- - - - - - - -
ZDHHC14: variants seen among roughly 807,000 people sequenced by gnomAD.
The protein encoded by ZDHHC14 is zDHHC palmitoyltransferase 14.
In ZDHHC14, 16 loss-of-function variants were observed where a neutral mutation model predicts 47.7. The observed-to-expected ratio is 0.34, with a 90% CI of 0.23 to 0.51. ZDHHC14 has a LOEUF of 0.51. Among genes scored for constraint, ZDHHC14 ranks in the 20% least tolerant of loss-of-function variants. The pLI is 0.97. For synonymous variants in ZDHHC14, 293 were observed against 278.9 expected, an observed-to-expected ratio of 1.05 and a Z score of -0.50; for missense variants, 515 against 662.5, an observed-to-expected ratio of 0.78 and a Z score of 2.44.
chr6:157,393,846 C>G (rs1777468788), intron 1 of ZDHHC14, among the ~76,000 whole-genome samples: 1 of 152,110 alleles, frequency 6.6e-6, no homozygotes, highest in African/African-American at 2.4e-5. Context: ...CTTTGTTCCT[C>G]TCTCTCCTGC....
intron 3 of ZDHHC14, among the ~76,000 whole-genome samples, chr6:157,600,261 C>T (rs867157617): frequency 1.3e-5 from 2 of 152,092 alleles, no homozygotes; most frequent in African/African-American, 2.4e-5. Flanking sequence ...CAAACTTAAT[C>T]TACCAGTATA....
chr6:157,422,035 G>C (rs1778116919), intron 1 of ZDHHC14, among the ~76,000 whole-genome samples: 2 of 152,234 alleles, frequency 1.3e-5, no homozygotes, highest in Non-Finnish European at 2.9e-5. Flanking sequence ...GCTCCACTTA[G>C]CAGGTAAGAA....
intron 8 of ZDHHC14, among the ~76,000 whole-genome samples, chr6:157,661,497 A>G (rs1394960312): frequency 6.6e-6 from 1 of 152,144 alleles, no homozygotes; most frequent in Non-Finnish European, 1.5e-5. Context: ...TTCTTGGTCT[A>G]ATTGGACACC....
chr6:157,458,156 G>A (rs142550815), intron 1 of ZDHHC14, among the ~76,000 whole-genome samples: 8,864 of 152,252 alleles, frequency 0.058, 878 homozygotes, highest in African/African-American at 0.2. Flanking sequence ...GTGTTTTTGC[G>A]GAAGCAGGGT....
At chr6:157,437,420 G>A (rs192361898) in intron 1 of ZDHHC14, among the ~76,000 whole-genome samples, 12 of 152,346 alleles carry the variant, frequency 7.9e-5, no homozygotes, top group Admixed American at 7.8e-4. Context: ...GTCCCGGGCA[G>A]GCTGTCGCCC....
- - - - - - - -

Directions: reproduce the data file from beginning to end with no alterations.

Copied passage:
ZDHHC14: variants seen among roughly 807,000 people sequenced by gnomAD.
The protein encoded by ZDHHC14 is zDHHC palmitoyltransferase 14.
In ZDHHC14, 16 loss-of-function variants were observed where a neutral mutation model predicts 47.7. The observed-to-expected ratio is 0.34, with a 90% CI of 0.23 to 0.51. ZDHHC14 has a LOEUF of 0.51. Among genes scored for constraint, ZDHHC14 ranks in the 20% least tolerant of loss-of-function variants. The pLI is 0.97. For synonymous variants in ZDHHC14, 293 were observed against 278.9 expected, an observed-to-expected ratio of 1.05 and a Z score of -0.50; for missense variants, 515 against 662.5, an observed-to-expected ratio of 0.78 and a Z score of 2.44.
chr6:157,393,846 C>G (rs1777468788), intron 1 of ZDHHC14, among the ~76,000 whole-genome samples: 1 of 152,110 alleles, frequency 6.6e-6, no homozygotes, highest in African/African-American at 2.4e-5. Context: ...CTTTGTTCCT[C>G]TCTCTCCTGC....
intron 3 of ZDHHC14, among the ~76,000 whole-genome samples, chr6:157,600,261 C>T (rs867157617): frequency 1.3e-5 from 2 of 152,092 alleles, no homozygotes; most frequent in African/African-American, 2.4e-5. Flanking sequence ...CAAACTTAAT[C>T]TACCAGTATA....
chr6:157,422,035 G>C (rs1778116919), intron 1 of ZDHHC14, among the ~76,000 whole-genome samples: 2 of 152,234 alleles, frequency 1.3e-5, no homozygotes, highest in Non-Finnish European at 2.9e-5. Flanking sequence ...GCTCCACTTA[G>C]CAGGTAAGAA....
intron 8 of ZDHHC14, among the ~76,000 whole-genome samples, chr6:157,661,497 A>G (rs1394960312): frequency 6.6e-6 from 1 of 152,144 alleles, no homozygotes; most frequent in Non-Finnish European, 1.5e-5. Context: ...TTCTTGGTCT[A>G]ATTGGACACC....
chr6:157,458,156 G>A (rs142550815), intron 1 of ZDHHC14, among the ~76,000 whole-genome samples: 8,864 of 152,252 alleles, frequency 0.058, 878 homozygotes, highest in African/African-American at 0.2. Flanking sequence ...GTGTTTTTGC[G>A]GAAGCAGGGT....
At chr6:157,437,420 G>A (rs192361898) in intron 1 of ZDHHC14, among the ~76,000 whole-genome samples, 12 of 152,346 alleles carry the variant, frequency 7.9e-5, no homozygotes, top group Admixed American at 7.8e-4. Context: ...GTCCCGGGCA[G>A]GCTGTCGCCC....